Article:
I recently had the opportunity to go out in the field with Kerry Brust, a red-cockaded woodpecker biologist in the North Carolina Sandhills. I went with Brust to put brightly colored and aluminum bands on nestling red-cockaded woodpeckers. It’s part of a research project begun in 1978, initiated by Dr. Phil Doerr and Dr. Jay Carter III of N.C. State University. Sandhills Ecological Institute, a nonprofit formed in 1998, continues the research in collaboration with Dr. Jeff Walters’ lab at Virginia Tech. The Sandhills institute was created to: research and monitor the longleaf pine (Pinus palustris) and related ecosystems in North and South Carolina; promote the study of and education about the longleaf pine and related ecosystems; engage in scientific studies and promote education regarding the red-cockaded woodpecker (Picoides borealis) and its habitats. The institute maintains demographic databases on the woodpeckers and studies the biology and behavior of the species. The studies have provided insights that are applied throughout the Southeast and have helped in the creating of important tools for managing the red-cockaded woodpeckers, such as artificial cavities and cavity restrictors. The intensive monitoring of the birds’ population entails inspecting the status of cluster and cavity trees, routine nest checks from April to July, color-banding nestlings and unbanded adults, conducting adult group census, and checking on fledglings to document whether reproduction is successful. Brust is co-director of the Sandhills institute with Jay Carter and is the supervising biologist. Two other full-time biologists assist her, Andy Van Lanen and Anna Prinz. Each year the institute monitors approximately 300 red-cockaded woodpecker clusters at Fort Bragg, Camp Mackall, the Sandhills Game Land, McCain Forest, The Nature Conservancy’s Calloway Forest, Weymouth Woods State Nature Preserve and various private lands.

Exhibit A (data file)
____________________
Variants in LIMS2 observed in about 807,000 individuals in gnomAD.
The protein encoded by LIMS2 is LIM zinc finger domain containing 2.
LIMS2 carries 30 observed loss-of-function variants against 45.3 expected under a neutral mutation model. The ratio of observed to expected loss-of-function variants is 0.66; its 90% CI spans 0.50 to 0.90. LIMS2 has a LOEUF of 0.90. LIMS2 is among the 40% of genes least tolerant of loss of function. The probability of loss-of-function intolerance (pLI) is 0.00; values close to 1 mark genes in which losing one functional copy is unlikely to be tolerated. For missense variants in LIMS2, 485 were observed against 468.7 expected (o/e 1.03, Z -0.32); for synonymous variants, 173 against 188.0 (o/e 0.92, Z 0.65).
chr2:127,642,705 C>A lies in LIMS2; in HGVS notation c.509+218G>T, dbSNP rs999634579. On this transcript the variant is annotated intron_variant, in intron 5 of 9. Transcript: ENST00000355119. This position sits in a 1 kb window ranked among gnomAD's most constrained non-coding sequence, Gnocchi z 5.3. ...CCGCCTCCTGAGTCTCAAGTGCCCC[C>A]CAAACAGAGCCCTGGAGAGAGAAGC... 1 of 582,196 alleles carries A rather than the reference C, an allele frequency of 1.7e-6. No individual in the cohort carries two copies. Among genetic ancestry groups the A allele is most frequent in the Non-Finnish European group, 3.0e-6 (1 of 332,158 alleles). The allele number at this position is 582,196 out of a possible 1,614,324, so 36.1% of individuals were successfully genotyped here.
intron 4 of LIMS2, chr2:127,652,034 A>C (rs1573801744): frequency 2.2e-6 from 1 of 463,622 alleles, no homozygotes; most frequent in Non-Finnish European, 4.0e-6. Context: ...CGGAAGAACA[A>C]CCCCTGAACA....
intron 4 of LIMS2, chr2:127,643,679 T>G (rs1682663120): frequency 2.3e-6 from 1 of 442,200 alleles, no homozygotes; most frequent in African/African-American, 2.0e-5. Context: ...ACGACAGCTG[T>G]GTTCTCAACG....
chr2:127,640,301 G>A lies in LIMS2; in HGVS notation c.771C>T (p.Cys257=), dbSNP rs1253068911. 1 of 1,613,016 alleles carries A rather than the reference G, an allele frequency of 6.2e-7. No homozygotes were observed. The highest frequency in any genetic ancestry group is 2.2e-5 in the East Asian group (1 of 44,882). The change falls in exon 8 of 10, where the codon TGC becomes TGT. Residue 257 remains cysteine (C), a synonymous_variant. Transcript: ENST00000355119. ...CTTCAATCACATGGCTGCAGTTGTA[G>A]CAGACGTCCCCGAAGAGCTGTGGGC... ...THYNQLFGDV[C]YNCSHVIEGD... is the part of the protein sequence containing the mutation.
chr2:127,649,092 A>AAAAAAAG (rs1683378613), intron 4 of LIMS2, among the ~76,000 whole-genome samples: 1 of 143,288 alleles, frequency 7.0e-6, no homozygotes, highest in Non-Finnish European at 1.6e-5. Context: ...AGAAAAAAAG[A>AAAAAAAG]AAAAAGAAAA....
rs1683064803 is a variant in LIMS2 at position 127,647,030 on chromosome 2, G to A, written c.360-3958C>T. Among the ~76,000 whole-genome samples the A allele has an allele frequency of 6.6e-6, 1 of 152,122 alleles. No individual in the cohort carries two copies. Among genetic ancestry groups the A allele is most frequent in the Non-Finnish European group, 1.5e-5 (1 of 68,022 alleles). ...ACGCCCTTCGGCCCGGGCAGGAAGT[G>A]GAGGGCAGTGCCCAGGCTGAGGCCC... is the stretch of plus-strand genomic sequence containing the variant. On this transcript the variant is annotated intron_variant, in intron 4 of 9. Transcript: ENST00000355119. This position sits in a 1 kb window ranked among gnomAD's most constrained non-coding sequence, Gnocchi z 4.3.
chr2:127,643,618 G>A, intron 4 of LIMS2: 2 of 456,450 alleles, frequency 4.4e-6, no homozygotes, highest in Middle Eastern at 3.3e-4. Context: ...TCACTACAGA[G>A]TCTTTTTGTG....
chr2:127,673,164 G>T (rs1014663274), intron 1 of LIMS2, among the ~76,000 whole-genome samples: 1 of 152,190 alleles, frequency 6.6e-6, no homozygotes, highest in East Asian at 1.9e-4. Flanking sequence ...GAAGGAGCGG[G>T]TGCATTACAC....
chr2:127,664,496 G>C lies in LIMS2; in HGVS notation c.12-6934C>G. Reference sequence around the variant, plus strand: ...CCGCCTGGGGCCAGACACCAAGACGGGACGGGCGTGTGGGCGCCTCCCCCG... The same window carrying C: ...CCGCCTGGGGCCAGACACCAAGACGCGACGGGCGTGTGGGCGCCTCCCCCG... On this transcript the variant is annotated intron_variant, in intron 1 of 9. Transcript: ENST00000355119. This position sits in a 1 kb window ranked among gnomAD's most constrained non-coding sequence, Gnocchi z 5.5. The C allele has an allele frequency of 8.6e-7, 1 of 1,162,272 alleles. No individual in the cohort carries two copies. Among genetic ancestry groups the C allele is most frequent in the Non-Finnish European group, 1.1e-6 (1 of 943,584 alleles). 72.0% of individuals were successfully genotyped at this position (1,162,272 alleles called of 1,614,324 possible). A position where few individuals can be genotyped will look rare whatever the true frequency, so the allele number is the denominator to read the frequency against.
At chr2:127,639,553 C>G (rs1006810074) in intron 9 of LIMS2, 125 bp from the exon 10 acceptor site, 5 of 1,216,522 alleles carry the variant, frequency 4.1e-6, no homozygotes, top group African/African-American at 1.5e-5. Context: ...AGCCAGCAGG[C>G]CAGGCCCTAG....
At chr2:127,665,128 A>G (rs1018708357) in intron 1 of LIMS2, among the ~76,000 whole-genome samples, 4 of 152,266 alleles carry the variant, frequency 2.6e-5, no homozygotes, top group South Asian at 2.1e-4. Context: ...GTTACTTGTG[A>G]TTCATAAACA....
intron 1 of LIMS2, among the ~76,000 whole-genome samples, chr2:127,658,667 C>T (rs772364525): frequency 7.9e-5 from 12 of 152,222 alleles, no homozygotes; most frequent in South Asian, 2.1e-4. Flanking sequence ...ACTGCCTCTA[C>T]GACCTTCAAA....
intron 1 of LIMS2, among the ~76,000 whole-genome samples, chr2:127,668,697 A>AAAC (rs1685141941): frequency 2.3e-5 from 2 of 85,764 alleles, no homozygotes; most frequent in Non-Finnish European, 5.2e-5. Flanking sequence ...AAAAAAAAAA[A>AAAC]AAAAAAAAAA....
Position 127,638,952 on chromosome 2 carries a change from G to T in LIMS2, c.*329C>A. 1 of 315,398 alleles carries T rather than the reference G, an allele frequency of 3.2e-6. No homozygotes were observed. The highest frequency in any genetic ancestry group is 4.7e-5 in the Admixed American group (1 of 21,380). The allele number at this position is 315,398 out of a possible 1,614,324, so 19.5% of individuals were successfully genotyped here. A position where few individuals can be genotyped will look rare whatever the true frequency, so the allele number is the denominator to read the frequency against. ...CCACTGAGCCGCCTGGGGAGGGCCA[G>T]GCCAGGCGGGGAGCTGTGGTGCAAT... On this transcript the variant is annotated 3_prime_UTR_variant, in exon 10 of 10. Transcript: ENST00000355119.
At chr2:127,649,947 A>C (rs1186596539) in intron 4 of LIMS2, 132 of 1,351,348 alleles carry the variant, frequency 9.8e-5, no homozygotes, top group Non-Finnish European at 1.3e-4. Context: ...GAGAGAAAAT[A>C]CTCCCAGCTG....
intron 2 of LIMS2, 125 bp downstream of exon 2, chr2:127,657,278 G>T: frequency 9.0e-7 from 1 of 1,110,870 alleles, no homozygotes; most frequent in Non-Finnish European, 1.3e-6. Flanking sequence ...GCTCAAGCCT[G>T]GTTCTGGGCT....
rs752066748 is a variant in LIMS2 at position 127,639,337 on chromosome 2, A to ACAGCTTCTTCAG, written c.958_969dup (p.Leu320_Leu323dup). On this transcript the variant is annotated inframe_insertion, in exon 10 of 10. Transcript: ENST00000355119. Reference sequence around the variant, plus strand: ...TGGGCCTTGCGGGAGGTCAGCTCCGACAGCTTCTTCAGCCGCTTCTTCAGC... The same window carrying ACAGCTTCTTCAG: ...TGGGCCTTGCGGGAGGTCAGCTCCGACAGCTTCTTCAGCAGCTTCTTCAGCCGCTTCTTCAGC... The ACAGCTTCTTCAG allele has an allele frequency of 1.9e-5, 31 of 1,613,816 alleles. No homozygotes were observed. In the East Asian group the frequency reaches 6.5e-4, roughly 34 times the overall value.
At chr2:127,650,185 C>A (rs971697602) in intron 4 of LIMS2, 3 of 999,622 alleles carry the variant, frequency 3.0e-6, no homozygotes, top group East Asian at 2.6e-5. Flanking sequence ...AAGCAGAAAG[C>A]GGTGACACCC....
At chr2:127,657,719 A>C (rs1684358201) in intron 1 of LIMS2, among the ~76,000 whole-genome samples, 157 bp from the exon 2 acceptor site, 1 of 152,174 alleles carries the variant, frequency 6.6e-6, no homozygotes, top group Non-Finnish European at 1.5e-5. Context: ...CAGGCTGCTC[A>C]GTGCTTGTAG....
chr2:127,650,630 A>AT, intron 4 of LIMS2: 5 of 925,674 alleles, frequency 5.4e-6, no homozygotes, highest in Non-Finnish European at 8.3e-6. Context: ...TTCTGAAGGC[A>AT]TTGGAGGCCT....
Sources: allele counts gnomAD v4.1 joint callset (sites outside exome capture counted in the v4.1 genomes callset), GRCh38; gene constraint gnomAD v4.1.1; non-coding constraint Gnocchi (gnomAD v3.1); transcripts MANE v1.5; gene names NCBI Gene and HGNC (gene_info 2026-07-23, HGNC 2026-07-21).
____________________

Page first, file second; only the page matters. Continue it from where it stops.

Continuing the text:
We were out on Fort Bragg. Federal lands (including those owned by the Department of Defense) are required to protect federally listed species such as red-cockaded woodpeckers. The birds were listed as endangered in 1968 and were one of the first species covered under the 1973 Endangered Species Act. They are a non-migratory, cooperatively breeding species that lives in family groups and defends a set territory called a cluster. Clusters are the collection of cavity trees used by a single woodpecker family group. Groups can be a breeding pair only, or have as many as four to five generally related helpers. They’re considered an “umbrella” species, meaning other species also benefit from management for the red-cockaded woodpeckers, such as prescribed fire, thinning of understories, etc. We went out early in the morning, and since it was drizzling, we started our day just doing nest checks. This involves using a camera on a pole that can be stuck in the cavity. It sends an image down to a viewer where we can see what is in the nest. The first few nests had nothing in them but wood chips, which is how the woodpeckers prepare for egg laying. We finally found a newly hatched chick, about three days old, with eggs that still had not hatched. It stopped raining so we were able to go to a nest where babies needed to be banded. Brust climbs ladders that she stacks as she goes to get up to the cavity hole. She uses a delicate string noose to carefully remove the babies from the nest. Then she places them in a soft cotton bag to carry them down and back to the truck. Here she pulls them out and masterfully places bands on their legs while they are wriggling about and making soft chirping noises. Then she climbs back up and puts them safely back in their nest. The ideal age for banding nestlings is 6 to 8 days old. It was remarkable to get to see these birds up close. The North Carolina Sandhills population of red-cockaded woodpecker is just one of 13 Primary Core Recovery Populations the U.S. Fish & Wildlife Service has designated throughout the Southeast as needed for complete recovery of the species. Although population increases have been observed within Sandhills public lands, the woodpeckers are still a protected species. While military training restrictions for the Army have been relaxed on Fort Bragg, regulations remain in place for development and timber harvesting that affect the woodpeckers’ foraging and nesting habitat. As with many listed species, the birds’ future remains precarious. It’s good that groups like the Sandhills Ecological Institute are helping watch over the species that remain.


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